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Jul 17, 2020

Dissecting the PUC/BEL/Santander Quagmire

The Public Utilities Commission is enforcing an order which makes it compulsory for Belize Electricity Limited to sign on to a power purchase agreement with Santander Sugar for the supply of energy to the national grid. The order follows several months of back and forth between the regulator and the licensee over the terms and conditions of that agreement. Tonight we take a closer look at the standoff between P.U.C. and B.E.L.  News Five’s Isani Cayetano has that report.


Isani Cayetano, Reporting

The Public Utilities Commission is locking horns with Belize Electricity Limited over a contract to be signed with Santander Sugar Energy Ltd for the supply of electricity to the national grid.  The power purchase agreement, or PPA, as it is known, is a formal arrangement between both companies based on terms which would be negotiated and agreed upon by either party under the PUC’s oversight.


Dawn Sampson-Nunez, GM, Employee & Corporate Services, BEL

Dawn Sampson-Nunez

“In this case, the PUC as the regulator really should have an impartial position and that is important because if you envision a situation down the road where there might be a dispute between BEL and Santander regarding this power purchase agreement then really that dispute would need to be escalated to the Public Utilities Commission.  So if you have a situation where the PUC was the one to actually negotiate the agreement but then at a later time they are then to be a mediator, it really puts the commission in a… 04:01 Out:…position of compromise.”


While that logic may be straightforward, PUC Chairman John Avery maintains that, as the regulator, the commission should be the body to determine the stipulations of the contract with Santander.


John Avery

John Avery, Chairman, Public Utilities Commission

“Last year November, Santander made a proposal to the PUC to amend the agreement.  They were taking steps to increase their production and to extend their grinding, their production season, both of sugar and for electricity.  The original proposal they made was to basically produce for three months.  However, because of the financial position that they’re in, they’re motivated to try to use their assets more efficiently and so they’re seeking to produce more sugar.”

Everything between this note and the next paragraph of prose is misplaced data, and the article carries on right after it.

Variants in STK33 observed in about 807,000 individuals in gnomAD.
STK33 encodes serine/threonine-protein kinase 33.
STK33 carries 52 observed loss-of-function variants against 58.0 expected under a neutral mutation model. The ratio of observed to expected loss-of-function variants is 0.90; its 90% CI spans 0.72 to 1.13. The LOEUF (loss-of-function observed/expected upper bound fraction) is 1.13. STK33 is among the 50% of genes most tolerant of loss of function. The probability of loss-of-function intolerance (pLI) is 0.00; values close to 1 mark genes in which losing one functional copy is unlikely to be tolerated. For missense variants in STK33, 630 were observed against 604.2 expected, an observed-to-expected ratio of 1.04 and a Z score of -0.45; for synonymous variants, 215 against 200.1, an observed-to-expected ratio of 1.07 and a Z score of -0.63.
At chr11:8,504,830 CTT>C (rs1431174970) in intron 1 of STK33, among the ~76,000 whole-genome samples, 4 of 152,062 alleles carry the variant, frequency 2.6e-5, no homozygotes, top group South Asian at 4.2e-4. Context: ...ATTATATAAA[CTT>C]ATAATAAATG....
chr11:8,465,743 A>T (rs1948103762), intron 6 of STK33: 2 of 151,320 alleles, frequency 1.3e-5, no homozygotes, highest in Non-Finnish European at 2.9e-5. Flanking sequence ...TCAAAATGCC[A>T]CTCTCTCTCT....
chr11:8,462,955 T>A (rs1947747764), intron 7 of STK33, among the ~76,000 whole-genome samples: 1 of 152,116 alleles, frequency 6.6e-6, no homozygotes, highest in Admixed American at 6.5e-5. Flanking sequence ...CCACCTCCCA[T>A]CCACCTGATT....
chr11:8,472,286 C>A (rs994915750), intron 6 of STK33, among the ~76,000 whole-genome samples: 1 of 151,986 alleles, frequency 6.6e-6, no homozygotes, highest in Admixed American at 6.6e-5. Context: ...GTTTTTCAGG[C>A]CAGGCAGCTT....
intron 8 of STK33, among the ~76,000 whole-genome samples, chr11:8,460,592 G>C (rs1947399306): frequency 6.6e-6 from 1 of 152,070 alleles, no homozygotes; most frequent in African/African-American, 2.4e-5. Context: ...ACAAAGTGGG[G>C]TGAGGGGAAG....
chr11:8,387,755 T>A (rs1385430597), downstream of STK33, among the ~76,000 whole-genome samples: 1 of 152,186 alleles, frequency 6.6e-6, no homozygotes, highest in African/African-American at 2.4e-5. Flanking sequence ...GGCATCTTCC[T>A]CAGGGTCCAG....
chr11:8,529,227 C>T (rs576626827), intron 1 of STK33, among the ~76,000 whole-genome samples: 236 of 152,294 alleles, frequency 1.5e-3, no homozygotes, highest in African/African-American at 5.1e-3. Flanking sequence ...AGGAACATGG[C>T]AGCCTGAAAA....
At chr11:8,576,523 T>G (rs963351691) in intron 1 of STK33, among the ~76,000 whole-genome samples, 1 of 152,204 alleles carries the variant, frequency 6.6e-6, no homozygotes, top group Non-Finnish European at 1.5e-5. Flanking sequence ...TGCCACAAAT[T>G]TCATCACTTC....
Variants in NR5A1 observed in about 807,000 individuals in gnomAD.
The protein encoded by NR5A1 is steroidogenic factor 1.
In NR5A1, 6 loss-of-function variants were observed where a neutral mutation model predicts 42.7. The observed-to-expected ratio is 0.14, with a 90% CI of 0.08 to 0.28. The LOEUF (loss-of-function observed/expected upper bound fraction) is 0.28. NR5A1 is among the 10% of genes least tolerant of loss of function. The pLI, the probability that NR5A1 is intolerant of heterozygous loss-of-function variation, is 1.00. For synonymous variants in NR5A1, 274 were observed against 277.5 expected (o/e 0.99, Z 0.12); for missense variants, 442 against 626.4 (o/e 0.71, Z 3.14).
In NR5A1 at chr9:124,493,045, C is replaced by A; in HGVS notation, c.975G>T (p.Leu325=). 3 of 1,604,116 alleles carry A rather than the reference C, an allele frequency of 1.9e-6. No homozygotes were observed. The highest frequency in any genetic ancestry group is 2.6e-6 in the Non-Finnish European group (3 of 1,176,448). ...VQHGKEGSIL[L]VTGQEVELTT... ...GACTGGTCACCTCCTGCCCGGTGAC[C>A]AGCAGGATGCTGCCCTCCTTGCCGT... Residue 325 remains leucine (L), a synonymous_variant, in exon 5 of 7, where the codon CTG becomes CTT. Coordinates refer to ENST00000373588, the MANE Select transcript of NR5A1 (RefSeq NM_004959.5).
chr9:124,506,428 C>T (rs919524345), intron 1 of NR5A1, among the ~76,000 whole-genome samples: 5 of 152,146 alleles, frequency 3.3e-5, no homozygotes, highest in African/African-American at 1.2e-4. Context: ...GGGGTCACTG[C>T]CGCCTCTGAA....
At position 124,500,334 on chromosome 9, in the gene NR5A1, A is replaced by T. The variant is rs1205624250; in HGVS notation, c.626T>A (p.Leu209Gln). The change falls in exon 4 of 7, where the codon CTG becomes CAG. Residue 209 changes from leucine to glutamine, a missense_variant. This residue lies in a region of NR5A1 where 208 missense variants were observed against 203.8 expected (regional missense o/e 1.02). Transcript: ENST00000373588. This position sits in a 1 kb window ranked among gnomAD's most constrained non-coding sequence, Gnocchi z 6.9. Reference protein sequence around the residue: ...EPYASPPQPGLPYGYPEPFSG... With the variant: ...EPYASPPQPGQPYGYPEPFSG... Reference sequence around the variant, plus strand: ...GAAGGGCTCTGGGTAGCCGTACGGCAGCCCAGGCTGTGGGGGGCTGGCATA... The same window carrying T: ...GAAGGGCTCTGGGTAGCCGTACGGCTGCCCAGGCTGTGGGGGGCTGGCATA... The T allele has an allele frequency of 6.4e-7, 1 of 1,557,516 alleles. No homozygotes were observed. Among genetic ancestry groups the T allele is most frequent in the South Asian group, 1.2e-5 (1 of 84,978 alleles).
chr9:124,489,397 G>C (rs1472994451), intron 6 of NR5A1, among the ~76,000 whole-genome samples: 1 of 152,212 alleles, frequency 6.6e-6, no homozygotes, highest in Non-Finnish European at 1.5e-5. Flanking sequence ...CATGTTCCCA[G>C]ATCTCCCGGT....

…and more sugar simply means that there would more bagasse being produced and subsequently more electricity would also be generated and sold to the national grid.


John Avery

“This increase production would of course contribute to the overall government policy, the overall policy of trying to be self-sustained, self-sufficient in electricity generation.  This is local production.  We felt that if Santander is willing to produce more, then that would also produce more business for the local community, would keep workers employed for a longer period of the year and then, like I said earlier too, Santander owes local banks a good amount of money, so if they can sell more sugar and sell more electricity then they would be in a better position to pay off those bank loans.  And then, finally, Santander is a foreign exchange earner for Belize and we’re paying these rates in Belize dollars.  So given right now the situation that the country is facing with foreign exchange, we felt that we need to urgently jump on this and encourage Santander to produce more electricity locally.”


As far as the power purchase agreement, BEL is of the firmly held position that it should be able to negotiate the terms of the PPA with Santander, without PUC as an intermediary.


Dawn Sampson-Nunez

“We’re saying, let BEL negotiate directly with Santander the terms and conditions of the agreement.  We’re also saying that had we been given that opportunity to negotiate directly with Santander, we really would have had the same objectives as the PUC and those are objectives simply to ensure that it’s in the best interest of all stakeholders, our customers and the company.”


According to Avery, discussions with BEL on the matter have been ongoing since January, to no end.


John Avery

“At one point BEL was basically saying to us that we don’t have any authority to do any of this and so in effect they wouldn’t sign this agreement.  We had a meeting with BEL and we explained to them that the PUC is the only entity in Belize that the law gives power to set rates, because BEL was saying no, we shouldn’t be setting any rates here.  They should negotiate the rates with Santander.  We pointed out to them that you’re a generation licensee, in effect you’re a competitor to Santander.  How can you be negotiating rates with Santander and expect the commission, then, to approve such rates.”

As a result of the lengthy discussions, PUC has announced that it will be enforcing an order which will essentially mandate BEL to comply with the specific conditions of its license.


John Avery

“We’re also announcing our intention to make an order under Section 23 of the Electricity Act to ensure that BEL complies with condition seventeen of its license.  Basically Section 23 says that if the PUC is satisfied that where a licensee has contravened the condition of its license and the PUC is satisfied that it will or continue to do so then the PUC can make an order to ensure compliance with that condition of it license.”


Isani Cayetano reporting for News Five.

Viewers please note: This Internet newscast is a verbatim transcript of our evening television newscast. Where speakers use Kriol, we attempt to faithfully reproduce the quotes using a standard spelling system.

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